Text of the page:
How Office Politics Corrupt the Search for High-Potential Employees

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Garry Gay/Getty Images

Few topics have captivated talent management discussions more intensely than potential. The obsession with predicting who may be a future star or the next top leader has influenced academic research and human resources practices alike. But how good are we at evaluating human potential? The answer is, it’s mixed. On the one hand, science has given us robust tools and powerful theories to quantify the key indicators of future career success, job performance, and leadership effectiveness. On the other hand, in the real world of work, organizational practices lag behind, with 40% of designated “HiPos” — high-potential employees — not doing well in the future and at least one in two leaders disappointing, derailing, or failing to drive high levels of engagement and team performance.

The main reason underlying this bleak state of affairs is that HiPo nominations are contaminated by organizational politics. To be more precise,

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Marathon #25: Run Crazy Horse in South Dakota

I finished marathon #25 today and checked South Dakota off the list. I ran it with ten friends (nine of us did the marathon, two did the half) who were all part of my Chorus team that I started in June.

While this was one of the most enjoyable marathon weekends that I’ve had, it was a rough marathon for me. I finished it in a personal worst of 5:58:26 (gun time right at 6:00:00 – the clock said 5:59:59, but the website says 6:00:00.)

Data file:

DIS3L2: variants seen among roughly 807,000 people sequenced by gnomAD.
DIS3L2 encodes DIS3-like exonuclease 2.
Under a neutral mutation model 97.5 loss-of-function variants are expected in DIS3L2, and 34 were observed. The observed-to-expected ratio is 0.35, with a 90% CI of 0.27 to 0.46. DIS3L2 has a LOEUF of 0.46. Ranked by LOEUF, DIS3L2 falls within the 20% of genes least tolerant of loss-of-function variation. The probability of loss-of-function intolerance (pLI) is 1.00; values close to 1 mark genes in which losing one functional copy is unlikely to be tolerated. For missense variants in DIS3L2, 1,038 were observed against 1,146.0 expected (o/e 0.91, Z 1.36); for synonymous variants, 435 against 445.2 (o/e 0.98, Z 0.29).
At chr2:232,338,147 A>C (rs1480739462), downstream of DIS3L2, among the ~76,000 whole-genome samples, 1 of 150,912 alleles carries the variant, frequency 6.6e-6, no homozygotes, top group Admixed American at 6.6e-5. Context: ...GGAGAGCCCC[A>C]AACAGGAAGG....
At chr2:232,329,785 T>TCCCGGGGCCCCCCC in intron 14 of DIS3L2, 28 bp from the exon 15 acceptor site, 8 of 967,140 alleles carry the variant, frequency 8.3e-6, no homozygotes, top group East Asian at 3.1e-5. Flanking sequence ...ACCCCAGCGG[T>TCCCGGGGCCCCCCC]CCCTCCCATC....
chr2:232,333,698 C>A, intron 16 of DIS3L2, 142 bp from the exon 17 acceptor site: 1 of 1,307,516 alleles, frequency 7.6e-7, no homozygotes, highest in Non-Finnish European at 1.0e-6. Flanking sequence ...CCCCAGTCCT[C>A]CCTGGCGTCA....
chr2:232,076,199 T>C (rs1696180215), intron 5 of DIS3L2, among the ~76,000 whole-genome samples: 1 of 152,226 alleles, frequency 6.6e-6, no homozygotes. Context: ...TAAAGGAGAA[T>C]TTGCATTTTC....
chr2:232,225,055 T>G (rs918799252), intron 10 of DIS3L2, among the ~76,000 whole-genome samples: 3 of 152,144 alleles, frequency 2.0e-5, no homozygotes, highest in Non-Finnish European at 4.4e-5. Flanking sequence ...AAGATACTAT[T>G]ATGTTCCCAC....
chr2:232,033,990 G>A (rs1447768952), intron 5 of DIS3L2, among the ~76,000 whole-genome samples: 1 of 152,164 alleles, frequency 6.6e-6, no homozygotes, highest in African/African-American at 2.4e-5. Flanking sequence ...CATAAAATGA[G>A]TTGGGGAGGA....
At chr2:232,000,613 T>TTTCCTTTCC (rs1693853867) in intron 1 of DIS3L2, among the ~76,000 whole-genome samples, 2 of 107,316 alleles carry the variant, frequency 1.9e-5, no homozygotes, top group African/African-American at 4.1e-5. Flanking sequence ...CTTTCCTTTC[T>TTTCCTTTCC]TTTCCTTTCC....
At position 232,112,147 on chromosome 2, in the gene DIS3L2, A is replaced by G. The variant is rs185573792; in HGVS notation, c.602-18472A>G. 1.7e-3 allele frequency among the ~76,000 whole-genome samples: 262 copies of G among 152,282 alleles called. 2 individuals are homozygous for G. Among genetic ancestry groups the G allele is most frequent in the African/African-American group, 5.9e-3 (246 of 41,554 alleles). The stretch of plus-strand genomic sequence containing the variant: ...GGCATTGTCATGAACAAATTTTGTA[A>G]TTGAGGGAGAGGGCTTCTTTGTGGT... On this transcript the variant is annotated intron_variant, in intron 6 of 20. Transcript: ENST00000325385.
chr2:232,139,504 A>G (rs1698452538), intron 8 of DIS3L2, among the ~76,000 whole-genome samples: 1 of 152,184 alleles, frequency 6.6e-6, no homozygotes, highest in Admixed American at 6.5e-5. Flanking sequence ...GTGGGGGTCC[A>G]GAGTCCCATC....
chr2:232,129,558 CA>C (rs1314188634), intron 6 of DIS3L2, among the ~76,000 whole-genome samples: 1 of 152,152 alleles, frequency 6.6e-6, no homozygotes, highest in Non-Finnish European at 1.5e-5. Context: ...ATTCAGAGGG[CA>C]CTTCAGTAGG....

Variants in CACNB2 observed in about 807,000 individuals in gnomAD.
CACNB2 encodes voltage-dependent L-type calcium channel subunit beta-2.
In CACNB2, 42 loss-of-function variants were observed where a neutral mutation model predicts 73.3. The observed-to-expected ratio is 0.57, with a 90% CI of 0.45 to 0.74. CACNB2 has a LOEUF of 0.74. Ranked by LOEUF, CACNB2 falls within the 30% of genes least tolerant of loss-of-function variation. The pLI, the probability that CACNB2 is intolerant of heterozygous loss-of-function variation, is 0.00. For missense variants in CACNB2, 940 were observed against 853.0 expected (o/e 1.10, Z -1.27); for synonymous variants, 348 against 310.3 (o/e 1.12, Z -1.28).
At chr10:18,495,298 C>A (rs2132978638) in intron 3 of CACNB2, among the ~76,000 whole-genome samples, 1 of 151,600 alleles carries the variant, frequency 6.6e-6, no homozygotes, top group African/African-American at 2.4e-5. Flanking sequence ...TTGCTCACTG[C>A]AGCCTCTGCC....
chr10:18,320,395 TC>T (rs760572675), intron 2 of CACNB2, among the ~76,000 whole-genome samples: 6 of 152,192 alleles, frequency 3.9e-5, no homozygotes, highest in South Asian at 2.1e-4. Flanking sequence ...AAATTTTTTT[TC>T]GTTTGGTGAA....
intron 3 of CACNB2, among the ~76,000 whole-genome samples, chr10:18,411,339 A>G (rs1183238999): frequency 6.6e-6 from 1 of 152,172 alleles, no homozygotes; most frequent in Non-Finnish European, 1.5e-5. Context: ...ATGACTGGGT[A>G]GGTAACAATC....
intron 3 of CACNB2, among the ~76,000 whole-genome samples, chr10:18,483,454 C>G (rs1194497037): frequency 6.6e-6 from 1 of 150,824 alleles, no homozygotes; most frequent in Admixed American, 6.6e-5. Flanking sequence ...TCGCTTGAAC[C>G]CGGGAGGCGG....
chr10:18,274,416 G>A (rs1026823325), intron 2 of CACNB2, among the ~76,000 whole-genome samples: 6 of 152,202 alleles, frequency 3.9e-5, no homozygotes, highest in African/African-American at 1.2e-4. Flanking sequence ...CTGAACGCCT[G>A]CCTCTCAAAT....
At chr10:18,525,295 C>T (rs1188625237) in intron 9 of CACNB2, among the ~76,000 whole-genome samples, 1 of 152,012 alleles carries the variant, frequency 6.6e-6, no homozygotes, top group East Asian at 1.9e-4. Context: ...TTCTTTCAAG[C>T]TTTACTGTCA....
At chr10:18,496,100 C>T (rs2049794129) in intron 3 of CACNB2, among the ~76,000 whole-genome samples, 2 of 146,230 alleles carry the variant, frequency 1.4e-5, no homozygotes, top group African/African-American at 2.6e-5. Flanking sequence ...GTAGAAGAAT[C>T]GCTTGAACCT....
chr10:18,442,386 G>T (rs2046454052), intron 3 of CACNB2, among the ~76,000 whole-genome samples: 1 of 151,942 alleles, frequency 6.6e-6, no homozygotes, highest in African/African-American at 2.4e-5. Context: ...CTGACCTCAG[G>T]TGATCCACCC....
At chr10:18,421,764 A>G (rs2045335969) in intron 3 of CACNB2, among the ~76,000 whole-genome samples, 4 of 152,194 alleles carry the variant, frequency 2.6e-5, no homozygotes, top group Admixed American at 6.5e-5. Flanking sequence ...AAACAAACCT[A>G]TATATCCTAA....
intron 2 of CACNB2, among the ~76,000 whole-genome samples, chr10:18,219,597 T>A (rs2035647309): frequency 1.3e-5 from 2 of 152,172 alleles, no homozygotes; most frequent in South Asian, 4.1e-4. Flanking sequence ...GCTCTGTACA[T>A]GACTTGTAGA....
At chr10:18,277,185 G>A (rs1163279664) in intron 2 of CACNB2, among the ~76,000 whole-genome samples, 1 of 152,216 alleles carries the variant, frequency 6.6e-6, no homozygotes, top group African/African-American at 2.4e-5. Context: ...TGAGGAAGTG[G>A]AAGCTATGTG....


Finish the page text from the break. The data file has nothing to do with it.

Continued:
Things went wrong almost from the beginning. The weather was in the low 30s so I couldn’t decide whether to wear pants or just run in shorts. I was hot in the first mile and my stomach was rumbling. At mile three, we looped back around to the start so I went into the Crazy Horse Visitor Center, took my pants off, and took

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The Feature -> Product -> Company Continuum

I’ve been thinking about the continuum between a feature, product and company a lot recently. Specifically the challenge that companies have as they move across this continuum, how rare that last category really is, and the combination of product idea and market potential that is required for companies to actually make it to Company status.

Most companies begin life somewhere between a feature and a product. They’re started by an entrepreneur trying to solve some problem that s/he finds compelling and generally that problem is a feature of some larger set of problems. At this stage most entrepreneurs are given the advice to “focus”. It’s good advice (and advice I give all the time) but does sometimes perpetuate the feature-ness of the business – you spend your time and effort narrowly on a small number of related features and while you may have some inclination for how these stitch together

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The Unknown Path to a Decentralized Future

Today’s post is over at USV.com on “The Unknown Path to a Decentralized Future.” Here is the opening:

Some companies with currently centralized services have been criticized for issuing tokens and raising money in ICOs. There are even allegations that venture investors are pushing companies to do so as a ploy for liquidity. I suspect that some situations like that do actually exist, but I know from first hand conversations that many of the entrepreneurs pursuing this route are doing so out of a genuine conviction that it is the right path to a decentralized future.